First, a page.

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      UK galleries rushed to diversify art after Black Lives Matter, artist says

      news.movim.eu / TheGuardian · Tuesday, 4 June - 07:00

    South Africa-born painter Gavin Jantjes says institutions tried to buy work they ignored decades earlier

    British arts institutions deployed “kneejerk” and “stopgap” responses in the aftermath of the Black Lives Matter movement as they attempted to avoid criticism for the lack of diversity in their collections, according to the artist Gavin Jantjes.

    The South Africa-born artist, who was a key figure during the British black art movement of the 1980s , told the Guardian that under-pressure organisations approached him to buy work that they had ignored since it was made decades earlier.

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      Carnival dancers, stained glass and a haunted corner shop: a tour around Alvaro Barrington’s installation Grace

      news.movim.eu / TheGuardian · Monday, 3 June - 11:00

    This fast-rising artist became known for his yarn paintings but has always thought beyond the canvas. Now he’s transplanting strands of his lives in Grenada, New York and London into the galleries of Tate Britain

    One of artist Alvaro Barrington ’s earliest memories is of taking shelter in the “little shack in the countryside” where he lived with his grandmother in Grenada, with rain pounding the tin roof and music playing. Now that simple protective roof has inspired a huge minimalist sculpture – suspended sheets of corrugated metal – that stretches the length of Tate Britain’s lofty south Duveen gallery.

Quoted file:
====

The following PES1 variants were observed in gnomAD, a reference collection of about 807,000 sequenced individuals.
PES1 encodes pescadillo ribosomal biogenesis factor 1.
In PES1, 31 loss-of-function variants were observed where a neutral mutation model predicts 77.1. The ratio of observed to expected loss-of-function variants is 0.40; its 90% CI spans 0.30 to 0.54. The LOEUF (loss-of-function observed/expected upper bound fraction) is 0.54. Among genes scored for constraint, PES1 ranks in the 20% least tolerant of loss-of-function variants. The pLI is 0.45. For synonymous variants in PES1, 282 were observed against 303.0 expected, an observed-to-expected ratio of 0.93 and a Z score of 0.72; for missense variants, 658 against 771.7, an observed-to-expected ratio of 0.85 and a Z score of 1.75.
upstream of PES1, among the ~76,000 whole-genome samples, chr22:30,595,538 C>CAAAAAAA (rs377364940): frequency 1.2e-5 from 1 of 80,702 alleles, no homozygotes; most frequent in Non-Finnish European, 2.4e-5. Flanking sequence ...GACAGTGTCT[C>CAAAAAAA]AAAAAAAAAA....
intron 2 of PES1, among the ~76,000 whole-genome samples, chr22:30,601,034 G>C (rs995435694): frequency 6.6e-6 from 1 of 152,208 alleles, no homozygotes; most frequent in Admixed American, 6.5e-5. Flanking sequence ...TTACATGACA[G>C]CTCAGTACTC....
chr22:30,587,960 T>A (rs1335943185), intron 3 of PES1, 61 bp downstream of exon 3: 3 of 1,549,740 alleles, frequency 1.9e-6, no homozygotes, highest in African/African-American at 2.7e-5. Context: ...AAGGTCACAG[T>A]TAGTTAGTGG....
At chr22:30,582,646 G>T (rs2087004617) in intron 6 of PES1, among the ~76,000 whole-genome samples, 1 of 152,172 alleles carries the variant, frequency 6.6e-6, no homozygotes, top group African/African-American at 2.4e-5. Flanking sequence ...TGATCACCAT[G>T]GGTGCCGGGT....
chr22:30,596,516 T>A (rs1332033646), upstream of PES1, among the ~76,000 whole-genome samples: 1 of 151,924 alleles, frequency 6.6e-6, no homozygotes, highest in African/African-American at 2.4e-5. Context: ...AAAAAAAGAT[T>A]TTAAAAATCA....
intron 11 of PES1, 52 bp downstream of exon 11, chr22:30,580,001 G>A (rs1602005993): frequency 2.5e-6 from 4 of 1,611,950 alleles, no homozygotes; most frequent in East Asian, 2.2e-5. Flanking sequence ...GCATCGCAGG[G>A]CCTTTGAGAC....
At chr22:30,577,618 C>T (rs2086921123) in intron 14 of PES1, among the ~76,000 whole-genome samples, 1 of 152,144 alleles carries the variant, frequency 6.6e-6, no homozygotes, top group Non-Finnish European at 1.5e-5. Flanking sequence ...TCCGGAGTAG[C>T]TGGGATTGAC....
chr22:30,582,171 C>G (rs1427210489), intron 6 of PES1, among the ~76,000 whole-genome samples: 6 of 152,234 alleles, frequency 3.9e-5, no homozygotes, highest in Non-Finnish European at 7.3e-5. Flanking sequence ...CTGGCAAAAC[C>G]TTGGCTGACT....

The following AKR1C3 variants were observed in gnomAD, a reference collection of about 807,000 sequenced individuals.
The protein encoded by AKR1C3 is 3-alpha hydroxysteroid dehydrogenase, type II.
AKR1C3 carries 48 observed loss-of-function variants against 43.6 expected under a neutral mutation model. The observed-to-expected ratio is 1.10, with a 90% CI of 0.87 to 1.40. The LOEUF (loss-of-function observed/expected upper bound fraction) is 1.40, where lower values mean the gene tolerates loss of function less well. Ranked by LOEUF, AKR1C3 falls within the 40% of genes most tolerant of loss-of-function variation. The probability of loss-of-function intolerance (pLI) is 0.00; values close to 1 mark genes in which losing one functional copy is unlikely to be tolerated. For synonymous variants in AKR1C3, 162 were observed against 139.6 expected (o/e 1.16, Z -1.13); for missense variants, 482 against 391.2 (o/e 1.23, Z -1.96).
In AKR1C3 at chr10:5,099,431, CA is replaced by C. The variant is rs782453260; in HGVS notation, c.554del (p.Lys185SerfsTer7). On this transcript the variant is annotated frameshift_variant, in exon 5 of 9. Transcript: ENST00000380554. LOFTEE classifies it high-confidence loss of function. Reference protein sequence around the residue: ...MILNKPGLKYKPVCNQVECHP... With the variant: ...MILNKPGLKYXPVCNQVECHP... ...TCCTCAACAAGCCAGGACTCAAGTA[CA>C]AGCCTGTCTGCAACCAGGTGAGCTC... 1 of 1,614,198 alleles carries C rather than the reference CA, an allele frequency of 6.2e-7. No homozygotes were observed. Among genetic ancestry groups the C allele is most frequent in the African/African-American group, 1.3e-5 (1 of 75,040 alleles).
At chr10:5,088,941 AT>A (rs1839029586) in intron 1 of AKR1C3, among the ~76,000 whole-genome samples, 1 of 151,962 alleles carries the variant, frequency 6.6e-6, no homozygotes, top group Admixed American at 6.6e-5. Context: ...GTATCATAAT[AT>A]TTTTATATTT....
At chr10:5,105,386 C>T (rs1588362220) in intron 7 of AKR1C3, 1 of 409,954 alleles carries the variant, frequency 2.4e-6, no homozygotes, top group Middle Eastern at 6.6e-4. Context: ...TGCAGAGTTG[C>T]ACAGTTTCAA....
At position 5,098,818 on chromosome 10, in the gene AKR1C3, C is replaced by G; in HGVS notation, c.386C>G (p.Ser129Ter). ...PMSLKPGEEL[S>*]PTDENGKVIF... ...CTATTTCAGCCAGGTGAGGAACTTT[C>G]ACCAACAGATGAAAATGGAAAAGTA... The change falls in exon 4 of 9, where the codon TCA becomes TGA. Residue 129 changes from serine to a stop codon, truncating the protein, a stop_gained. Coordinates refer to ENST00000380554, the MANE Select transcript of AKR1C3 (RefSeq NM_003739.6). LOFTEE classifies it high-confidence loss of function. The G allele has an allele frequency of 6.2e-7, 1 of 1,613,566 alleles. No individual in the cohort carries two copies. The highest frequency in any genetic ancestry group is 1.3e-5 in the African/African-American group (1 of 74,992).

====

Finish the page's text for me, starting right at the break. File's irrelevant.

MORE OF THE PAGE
We meet beneath it, midway through the installation of Grace, Barrington’s huge new three-part work for the prestigious annual Tate Britain Commission. Soon, he says, there will be a soundscape of rainfall and original music created by pioneering experimental artists including Blood Orange’s Dev Hynes and Femi Adeyemi, founder of maverick London radio station NTS.

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      Inside the last of New York’s original artists’ lofts – in pictures

      news.movim.eu / TheGuardian · Monday, 3 June - 08:05


    Documentary film-maker Joshua Charow sought out the creatives still inhabiting New York’s former industrial spaces - factories, warehouses and theatres – as the last of the art scene holds out against gentrification. The introduction of the “loft law” in 1983 gave legal protection and rent stabilization to people living in non-residental buildings

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      Summerhall’s sale could devastate Edinburgh’s arts scene, say creative leaders

      news.movim.eu / TheGuardian · Monday, 3 June - 05:00

    Arts hub described as heart of city’s fringe advertised for redevelopment after benefactor outvoted on family trust

    Senior figures in the arts have warned that Edinburgh faces a cultural crisis after it emerged that one of the city’s most famous venues, Summerhall, has been put up for sale.

    Summerhall, housed in the city’s former veterinary school, has earned a reputation as one of the UK’s most innovative and critically acclaimed venues since it was set up 12 years ago by a wealthy benefactor, Robert McDowell.

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      Donald Rodney: Visceral Canker; Alvaro Barrington: Grace review – skin in the game

      news.movim.eu / TheGuardian · Sunday, 2 June - 08:00

    Spike Island, Bristol; Tate Britain, London
    Illness, racism and mortality are indelibly fused – on film, with X-rays and his own body – in a superb survey of work by the late British artist Donald Rodney. Elsewhere, carnival is outshone by church

    Years ago, I saw a work by the British-Jamaican artist Donald Rodney that I have never forgotten. It was a house of dark shadows on a wall, configured out of hospital X-rays. In front of it sat a faceless figure, not much more than tattered clothes held up by a broken tree that rose like a spine – or a lynching – out of its frayed shirt collar.